The reported prevalence of NSM is low, and it likely goes underdiagnosed in endemic regions given the variability in neurological manifestations. However, it can be one of the most severe and debilitating presentations of schistosomal disease.

The most common presenting clinical symptom is myelopathy. In fact, case reports have described patients who presented with signs and symptoms of cord compression at the lower thoracic and lumbar vertebrae, such as lumbar pain, progressive myeloradiculopathy with weakness of the lower extremities, autonomic dysfunction — particularly bladder and urinary dysfunction — and severe conus medullaris and cauda equine syndrome.

In the scientific literature, data on classic imaging features of pathologically confirmed spinal NSM is scarce and primarily involves case reports. Although MRI is abnormal in most cases of NSM, findings often are nonspecific.

A diagnosis of neoplastic lesion, inflammatory or infectious transverse myelitis with cord compression based on neuroimaging findings often is made.

The expansile, infiltrative nature and heterogeneous enhancement pattern of NSM tends to mimic spinal cord astrocytoma. Frequent ancillary findings include diffuse enlargement of the lower spinal cord, isointensity and thickening of the cauda equina nerve roots on T1 with associated hyperintense signal intensity on T2.

Several enhancement patterns have been described, including heterogeneous, multinodular and patchy intramedullary contrast enhancement. Abnormal contrast enhancement also can be seen in the thickened cauda equina nerve roots. There is often cord compression, typically in the conus medullaris and the lower thoracic cord, such as in our patient.

Although differentiating neoplastic processes from NSM on the basis of MRI findings can be challenging, lack of solid or cystic contours typically seen in spinal cord neoplasms — such as ependymoma and astrocytoma — coupled with swelling of the spinal cord and patchy, multinodular intramedullary enhancement should raise suspicion for NSM and warrants further workup with cerebrospinal fluid analysis and noninvasive serologic testing.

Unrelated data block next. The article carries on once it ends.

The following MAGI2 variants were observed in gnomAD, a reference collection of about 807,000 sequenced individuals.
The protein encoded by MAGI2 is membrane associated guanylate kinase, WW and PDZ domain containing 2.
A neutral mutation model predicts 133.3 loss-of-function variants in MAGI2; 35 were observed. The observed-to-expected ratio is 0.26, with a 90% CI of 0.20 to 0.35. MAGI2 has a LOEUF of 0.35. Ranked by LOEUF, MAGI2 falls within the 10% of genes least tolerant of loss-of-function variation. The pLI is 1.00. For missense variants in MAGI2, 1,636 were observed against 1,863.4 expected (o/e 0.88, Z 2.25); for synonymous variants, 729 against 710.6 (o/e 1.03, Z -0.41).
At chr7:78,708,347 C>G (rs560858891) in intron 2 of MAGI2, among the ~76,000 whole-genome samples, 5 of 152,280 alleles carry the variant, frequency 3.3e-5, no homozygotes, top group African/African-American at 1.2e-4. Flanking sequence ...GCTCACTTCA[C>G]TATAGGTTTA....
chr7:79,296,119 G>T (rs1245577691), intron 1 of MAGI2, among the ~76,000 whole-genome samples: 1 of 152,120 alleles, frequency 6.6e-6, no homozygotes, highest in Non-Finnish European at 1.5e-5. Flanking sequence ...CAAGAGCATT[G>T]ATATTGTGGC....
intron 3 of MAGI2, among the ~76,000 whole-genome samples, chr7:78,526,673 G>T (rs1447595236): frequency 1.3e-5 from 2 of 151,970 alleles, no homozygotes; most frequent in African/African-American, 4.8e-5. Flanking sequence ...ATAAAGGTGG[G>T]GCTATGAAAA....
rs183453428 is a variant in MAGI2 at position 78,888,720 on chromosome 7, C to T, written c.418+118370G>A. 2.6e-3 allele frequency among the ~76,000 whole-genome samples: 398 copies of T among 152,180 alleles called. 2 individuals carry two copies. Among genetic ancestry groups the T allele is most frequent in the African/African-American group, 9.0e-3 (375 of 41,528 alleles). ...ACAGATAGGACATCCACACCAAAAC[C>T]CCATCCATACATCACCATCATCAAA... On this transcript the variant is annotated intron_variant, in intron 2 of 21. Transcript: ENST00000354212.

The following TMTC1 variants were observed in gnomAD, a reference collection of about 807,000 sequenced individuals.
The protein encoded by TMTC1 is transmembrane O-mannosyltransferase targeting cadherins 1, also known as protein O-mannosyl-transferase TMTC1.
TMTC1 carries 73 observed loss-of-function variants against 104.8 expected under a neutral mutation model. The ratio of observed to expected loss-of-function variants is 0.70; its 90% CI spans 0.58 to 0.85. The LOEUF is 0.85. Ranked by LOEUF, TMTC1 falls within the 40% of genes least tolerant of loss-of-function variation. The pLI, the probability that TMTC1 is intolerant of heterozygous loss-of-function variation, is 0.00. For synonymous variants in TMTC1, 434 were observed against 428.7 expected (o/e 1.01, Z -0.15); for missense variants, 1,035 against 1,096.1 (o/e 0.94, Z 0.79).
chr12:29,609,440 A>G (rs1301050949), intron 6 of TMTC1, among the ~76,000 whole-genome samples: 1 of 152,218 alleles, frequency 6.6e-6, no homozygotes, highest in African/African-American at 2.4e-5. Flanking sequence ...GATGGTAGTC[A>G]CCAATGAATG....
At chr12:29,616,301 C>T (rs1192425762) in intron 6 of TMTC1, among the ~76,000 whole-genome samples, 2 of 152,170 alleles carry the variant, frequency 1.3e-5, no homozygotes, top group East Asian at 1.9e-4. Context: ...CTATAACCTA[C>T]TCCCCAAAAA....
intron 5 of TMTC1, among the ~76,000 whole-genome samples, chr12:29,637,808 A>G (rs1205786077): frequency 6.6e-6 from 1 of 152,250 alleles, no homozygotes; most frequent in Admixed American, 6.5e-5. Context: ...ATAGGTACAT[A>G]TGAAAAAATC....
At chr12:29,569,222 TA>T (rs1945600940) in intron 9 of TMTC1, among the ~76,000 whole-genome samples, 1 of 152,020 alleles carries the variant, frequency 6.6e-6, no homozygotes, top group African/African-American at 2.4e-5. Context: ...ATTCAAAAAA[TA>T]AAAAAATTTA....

Cerebrospinal fluid analysis may be nonspecific for NSM, demonstrating eosinophilia, lymphocytosis and elevated immunoglobulin; serology may serve as an additional tool to ensure correct diagnosis.

Some case reports have demonstrated immune markers, including interleukin-13 and anti-Sm antibodies to be specific for NSM in the appropriate clinical setting. Although the gold standard for NSM diagnosis remains spinal cord biopsy demonstrating Schistosoma eggs and reactive granulomas, effective management for NSM is possible without surgical intervention.

Early treatment with praziquantel associated with steroids prevents further egg deposition in the spinal cord, halting granuloma formation and helping to improve long-term patient outcomes.

Conclusion

NSM likely will become more common, not only in endemic areas but also in the United States and Europe due to increasing international travel, as well as refugee and population migration.

Early diagnosis and treatment are critical to avoid the debilitating symptoms of spinal cord pathology and may spare many patients suspected to have a spinal cord neoplasm from the morbidity of spinal cord surgery.

MRI that demonstrates characteristic pattern of signal intensity with associated patchy, heterogeneously enhancing lesions in the lower thoracic cord and conus medullaris among patients with an exposure history or recent travel should raise suspicion for neuroschistosomal infection and warrant further serologic workup.

References:

Ahmed AF, et al. Saudi Med J. 2008;29:770-773.

Algahtani HA, et al. Neurosciences (Riyadh). 2014;19:47-51.

Carod-Artal FJ, et al. Trans R Soc Trop Med Hyg. 2008;102:107-116.

Coyle CM, et al. Handb Clin Neurol. 2013;doi:10.1016/B978-0-444-53490-3.00022-4.

Crowell C, et al. Pediatr Infect Dis J. 2011;30:1006-1008.

Ferrari TC and Moreira PR. Lancet Neruol. 2011;doi:10.1016/S1474-4422(11)70170-3.

Jaber OI and Kirby PA. Am J Clin Pathol. 2013;doi:10.1309/AJCPQR0ELSAAWJHW.

Joshi TN, et al. J Spinal Cord Med. 2010;33:256-260.

Lambertucci JR, et al. Rev Soc Bras Med Trop. 2009;42:338-341.

Lighter J, et al. Pediatr Neurol. 2008;doi:10.1016/j.pediatrneurol.2008.03.016.

Lobo PP, et al. BMJ Case Rep. 2011;doi:10.1136/bcr.12.2010.3631.

Palin MS, et al. Br J Neurosurg. 2015;doi:10.3109/02688697.2015.1016890.

Saleem S, et al. AJNR Am J Neuroradiol. 2005;26:1646-1654.

Salim AD, et al. East Mediterr Health J. 2012;18:294-297.

Vidal CH, et al. Arq Neuropsiquiatr. 2010;68:72-75.

Vidal CH, et al. Arq Neuropsiquiatr. 2011;69:188-191.

Wan F, et al. J Neurosurg Spine. 2006;5:146-149.

For more information:

Munir Ghesani, MD, FACNM, is assistant professor of radiology and director of PET/CT fellowship at NYU Langone Medical Center in New York. He also is a HemOnc Today Editorial Board Member. He can be reached at munir.ghesani@nyumc.org.

Ana M. Franceschi, MD, is a neuroradiology fellow at NYU Langone Medical Center.